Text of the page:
Best landing spots for top free-agent QBs
Even though Sam Bradford and Kirk Cousins have already re-signed before free agency, there are still plenty of teams in need of a quarterback. With reports today of Ryan Fitzpatrick and the Jets being far apart on a contract, and the report of Robert Griffin III’s release, there will likely be at least some quarterback movement this offseason. Here’s how the rest of the QB-musical-chairs could play out:
Los Angeles Rams: Brock Osweiler (71.3 overall 2015 grade)
With Peyton Manning retiring, there is no question that the Broncos would like Osweiler back. He hasn’t re-signed with Denver yet since there are plenty of quarterback-needy teams who would be willing to pay him. Of the non-rookies, Osweiler had the best 2015 season, and has the most potential to be a quarterback of the future. Among the teams that don’t have a high enough draft pick to draft a first round quarterback, the Rams have the most salary cap space. If teams like the Broncos, Rams, and Texans get into a bidding war, Los Angeles has the best odds of outbidding the competition.
Where Osweiler would improve the Rams the most is in their short-passing game. Osweiler had an accuracy percentage of 84.7 percent on passes between 1–10 yards in the air, which was fifth-best among quarterback with at least 50 of those attempts. On the other hand, Nick Foles was fourth-worst at 73.1 percent, and Case Keenum was fifth-worst at 73.3 percent.
Houston Texans: Ryan Fitzpatrick (59.6)
While the Jets would like to have Fizpatrick back, recent reports say they are far apart on a deal. The Texans have a lot more cap space to spend on a quarterback than the Jets do, and can afford Fitzpatrick’s contract demands. If Houston can’t win the bidding war for Osweiler, then a reunion with Fitzpatrick would be helpful for both the Texans and their former QB.
For the Texans, Fitzpatrick in 2014 was much better than Hoyer in 2015. When the quarterbacks were not under pressure, Fitzpatrick was completing 70.1 percent of his passes, compared to just 64.2 percent for Hoyer. Fitzpatrick had a better touchdown-to-interception ratio without pressure, as well, at 13-to-3 compared to 15-to-6. Already having a connection with DeAndre Hopkins gives him an edge over other quarterbacks that could be had by trade or free agency. Fitzpatrick has 995 yards and six touchdowns when throwing to Hopkins, which is better than any quarterback in Hopkins career.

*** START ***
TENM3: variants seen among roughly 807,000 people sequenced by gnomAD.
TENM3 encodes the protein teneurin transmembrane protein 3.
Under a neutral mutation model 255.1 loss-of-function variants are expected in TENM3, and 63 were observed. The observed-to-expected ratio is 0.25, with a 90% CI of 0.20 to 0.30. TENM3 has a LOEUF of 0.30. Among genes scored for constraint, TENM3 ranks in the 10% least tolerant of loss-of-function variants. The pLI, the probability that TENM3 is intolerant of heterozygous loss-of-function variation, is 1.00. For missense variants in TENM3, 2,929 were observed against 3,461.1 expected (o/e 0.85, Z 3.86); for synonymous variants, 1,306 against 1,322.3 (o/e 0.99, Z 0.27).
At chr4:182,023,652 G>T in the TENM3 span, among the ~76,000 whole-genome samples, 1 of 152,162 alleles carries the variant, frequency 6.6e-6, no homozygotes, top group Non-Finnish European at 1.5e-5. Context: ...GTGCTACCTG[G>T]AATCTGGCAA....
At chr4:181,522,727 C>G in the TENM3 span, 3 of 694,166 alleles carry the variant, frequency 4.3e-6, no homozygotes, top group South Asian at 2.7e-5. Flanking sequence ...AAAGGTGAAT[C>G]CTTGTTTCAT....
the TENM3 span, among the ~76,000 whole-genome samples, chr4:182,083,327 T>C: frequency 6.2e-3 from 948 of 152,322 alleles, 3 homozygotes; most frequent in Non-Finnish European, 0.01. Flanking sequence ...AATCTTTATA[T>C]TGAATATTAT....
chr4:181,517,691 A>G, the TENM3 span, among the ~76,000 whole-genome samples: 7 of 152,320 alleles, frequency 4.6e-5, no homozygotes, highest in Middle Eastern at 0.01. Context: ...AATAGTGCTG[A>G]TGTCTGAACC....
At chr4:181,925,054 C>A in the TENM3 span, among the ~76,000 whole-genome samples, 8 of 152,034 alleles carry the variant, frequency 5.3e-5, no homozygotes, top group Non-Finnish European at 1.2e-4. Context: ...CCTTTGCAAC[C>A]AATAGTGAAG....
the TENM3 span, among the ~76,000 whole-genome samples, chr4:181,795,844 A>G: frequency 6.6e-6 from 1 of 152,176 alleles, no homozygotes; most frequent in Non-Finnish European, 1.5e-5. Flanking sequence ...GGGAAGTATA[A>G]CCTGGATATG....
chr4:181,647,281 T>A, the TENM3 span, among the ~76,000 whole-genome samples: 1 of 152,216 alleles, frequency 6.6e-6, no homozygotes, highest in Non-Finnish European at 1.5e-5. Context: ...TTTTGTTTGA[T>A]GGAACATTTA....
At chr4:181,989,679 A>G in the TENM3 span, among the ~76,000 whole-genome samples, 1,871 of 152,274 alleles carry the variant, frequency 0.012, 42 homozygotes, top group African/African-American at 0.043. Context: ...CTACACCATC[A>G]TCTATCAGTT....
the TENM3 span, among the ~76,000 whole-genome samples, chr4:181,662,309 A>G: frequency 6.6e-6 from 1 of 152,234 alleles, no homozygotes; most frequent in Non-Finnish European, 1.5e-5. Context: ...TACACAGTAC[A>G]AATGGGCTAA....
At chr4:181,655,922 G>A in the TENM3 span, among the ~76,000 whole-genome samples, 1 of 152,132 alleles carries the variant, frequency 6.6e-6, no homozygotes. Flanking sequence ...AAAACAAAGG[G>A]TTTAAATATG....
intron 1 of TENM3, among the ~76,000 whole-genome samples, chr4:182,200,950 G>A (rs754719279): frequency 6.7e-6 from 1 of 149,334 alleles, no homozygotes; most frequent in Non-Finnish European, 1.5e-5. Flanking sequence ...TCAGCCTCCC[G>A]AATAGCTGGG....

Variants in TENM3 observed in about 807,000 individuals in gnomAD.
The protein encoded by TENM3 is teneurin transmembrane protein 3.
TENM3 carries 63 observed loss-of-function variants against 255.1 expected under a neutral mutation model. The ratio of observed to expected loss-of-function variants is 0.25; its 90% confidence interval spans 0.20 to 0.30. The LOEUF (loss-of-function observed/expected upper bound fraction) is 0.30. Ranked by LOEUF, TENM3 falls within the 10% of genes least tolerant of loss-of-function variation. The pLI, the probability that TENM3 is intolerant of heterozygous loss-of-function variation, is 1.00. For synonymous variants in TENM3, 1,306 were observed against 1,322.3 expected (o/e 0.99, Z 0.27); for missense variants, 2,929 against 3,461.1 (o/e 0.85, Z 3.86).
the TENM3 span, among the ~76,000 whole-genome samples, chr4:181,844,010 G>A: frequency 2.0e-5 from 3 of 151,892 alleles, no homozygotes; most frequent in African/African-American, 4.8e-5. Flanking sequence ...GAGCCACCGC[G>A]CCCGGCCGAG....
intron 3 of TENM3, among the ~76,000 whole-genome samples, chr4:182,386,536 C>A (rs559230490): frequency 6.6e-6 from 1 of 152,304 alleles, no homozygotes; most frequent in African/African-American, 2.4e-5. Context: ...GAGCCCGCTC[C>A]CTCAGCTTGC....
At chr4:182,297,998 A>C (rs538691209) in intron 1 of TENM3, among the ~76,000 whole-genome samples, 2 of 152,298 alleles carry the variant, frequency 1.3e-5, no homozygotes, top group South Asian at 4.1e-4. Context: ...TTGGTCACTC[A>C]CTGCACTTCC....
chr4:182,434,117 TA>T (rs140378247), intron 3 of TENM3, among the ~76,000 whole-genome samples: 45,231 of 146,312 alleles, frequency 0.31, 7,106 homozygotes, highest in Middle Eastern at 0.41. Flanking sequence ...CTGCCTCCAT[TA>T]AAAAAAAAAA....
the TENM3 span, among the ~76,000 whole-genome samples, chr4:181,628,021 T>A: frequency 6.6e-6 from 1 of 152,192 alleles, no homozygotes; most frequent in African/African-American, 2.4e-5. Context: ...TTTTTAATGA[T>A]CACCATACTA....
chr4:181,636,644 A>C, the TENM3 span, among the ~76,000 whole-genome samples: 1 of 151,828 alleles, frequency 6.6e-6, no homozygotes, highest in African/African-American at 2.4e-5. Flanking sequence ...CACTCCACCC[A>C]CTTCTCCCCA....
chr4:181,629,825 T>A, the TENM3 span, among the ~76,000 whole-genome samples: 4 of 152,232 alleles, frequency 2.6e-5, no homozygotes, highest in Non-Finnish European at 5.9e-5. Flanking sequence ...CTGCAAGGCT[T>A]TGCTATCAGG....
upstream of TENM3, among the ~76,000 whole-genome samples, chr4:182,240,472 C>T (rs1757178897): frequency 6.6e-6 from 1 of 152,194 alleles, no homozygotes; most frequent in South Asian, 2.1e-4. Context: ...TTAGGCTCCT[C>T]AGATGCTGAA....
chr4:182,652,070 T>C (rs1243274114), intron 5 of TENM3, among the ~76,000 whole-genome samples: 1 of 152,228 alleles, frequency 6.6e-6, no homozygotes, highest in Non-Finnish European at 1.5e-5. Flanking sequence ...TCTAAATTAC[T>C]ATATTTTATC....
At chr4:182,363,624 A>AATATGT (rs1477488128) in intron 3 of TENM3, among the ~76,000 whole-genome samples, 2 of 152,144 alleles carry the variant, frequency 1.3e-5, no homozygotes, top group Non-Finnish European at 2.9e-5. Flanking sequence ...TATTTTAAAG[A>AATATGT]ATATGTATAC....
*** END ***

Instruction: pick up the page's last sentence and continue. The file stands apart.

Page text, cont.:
New York Jets: Colin Kaepernick (48.6)
While Kaepernick isn’t currently a free agent, he has said his preferred destination would be to play with the Jets—a franchise in need of a QB if Fitzpatrick signs elsewhere. While there is no guarantee that Kaepernick can turn his career around, the Jets could give him more of an opportunity than most teams. The 49ers would need to be willing to trade Kaepernick, but if San Francisco can bring in another quarterback, then they would no longer need the former Nevada standout.
Where the Jets could really use him is his deep passing. In 2015, Ryan Fitzpatrick threw the ball deep 86 times, tied for the second-most among quarterbacks. Only 31.4 percent of his deep passes were accurate, which was the fourth-lowest accuracy percentage among starters. Since 2012, Colin Kaepernick has been accurate on 43.1 percent of his deep passes, which is the sixth-best rate amongst quarterbacks over that timespan. The Jets could have one of the worst offensive lines in the league in 2016, and Kaepernick’s running ability would be an asset as well.
Denver Broncos: Robert Griffin III
With Peyton Manning retiring, if they can’t bring back Brock Osweiler, they will need to hit the panic button at quarterback. While they would likely spend a draft pick at some point at quarterback, they would also need to bring in a veteran to compete. The player who has shown the most promise, at least at one point in his career, is Griffin.
As recently as 2014, Griffin looked good as long as there was no pressure on him. He completed 79.4 percent of his passes without pressure, and averaged 8.8 yards per attempt. What made Griffin look worse in 2013 and 2014 compared to his rookie season is his play under pressure. He had an NFL passer rating of 53.0 under pressure in 2014, compared to 87.7 in 2012. He also takes too many sacks. As recently as 2014, the Broncos had the best offensive line in pass-blocking efficiency, at 86.2. That number was lower in 2015, but they were without left tackle Ryan Clady, who will be returning from injury, and second-round tackle Ty Sambrailo. Having the best receiving options of his career, as well as a decent offensive line, might be all Robert Griffin III needs to resurrect his career.